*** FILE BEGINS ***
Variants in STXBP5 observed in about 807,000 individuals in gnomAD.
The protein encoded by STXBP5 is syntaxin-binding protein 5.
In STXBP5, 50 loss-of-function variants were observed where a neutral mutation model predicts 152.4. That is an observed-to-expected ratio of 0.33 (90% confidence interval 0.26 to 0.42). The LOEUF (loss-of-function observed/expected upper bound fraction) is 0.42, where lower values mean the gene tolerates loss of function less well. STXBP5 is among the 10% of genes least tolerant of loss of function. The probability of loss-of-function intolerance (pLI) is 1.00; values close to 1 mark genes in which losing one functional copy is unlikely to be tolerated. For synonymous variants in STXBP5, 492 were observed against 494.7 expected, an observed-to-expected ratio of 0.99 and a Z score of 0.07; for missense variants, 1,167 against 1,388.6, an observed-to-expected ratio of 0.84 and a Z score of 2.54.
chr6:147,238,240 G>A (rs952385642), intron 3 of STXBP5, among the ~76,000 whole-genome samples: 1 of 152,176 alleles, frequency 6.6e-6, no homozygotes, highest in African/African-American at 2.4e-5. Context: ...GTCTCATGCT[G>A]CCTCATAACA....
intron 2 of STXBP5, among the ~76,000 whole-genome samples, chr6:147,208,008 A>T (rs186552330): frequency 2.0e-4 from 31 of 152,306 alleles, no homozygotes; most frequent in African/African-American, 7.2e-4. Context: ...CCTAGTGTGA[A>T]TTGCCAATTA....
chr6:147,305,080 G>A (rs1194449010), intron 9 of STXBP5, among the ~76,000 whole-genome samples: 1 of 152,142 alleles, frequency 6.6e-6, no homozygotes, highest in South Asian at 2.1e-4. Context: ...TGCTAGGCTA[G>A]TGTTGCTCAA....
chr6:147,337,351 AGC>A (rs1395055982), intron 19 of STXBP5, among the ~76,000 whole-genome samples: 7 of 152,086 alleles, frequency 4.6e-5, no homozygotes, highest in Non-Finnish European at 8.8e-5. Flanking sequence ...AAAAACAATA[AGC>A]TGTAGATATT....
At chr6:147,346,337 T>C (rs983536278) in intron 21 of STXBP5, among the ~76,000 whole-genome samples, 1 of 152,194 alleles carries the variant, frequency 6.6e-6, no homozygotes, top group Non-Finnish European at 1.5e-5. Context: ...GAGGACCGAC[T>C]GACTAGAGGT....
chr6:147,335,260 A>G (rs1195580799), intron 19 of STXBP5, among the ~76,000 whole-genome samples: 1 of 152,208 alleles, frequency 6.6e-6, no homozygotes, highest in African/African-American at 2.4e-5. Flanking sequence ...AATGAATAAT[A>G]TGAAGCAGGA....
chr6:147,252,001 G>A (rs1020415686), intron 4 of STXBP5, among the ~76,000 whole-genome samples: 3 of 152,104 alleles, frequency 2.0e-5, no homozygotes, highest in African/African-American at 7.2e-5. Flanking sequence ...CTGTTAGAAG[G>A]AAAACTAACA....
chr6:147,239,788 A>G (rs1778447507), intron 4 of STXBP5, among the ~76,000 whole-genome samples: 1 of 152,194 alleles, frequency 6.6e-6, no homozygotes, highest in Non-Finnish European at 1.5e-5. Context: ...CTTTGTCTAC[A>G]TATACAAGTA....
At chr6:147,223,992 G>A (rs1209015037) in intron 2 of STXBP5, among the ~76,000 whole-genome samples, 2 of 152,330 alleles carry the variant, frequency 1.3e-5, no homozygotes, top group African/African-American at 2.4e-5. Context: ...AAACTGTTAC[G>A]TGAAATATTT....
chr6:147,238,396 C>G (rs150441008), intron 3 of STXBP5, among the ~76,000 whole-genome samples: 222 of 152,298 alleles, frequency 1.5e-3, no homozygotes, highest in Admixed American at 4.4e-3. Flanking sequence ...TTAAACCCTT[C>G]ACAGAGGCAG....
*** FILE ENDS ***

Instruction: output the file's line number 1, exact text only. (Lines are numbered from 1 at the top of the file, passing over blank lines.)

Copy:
Variants in STXBP5 observed in about 807,000 individuals in gnomAD.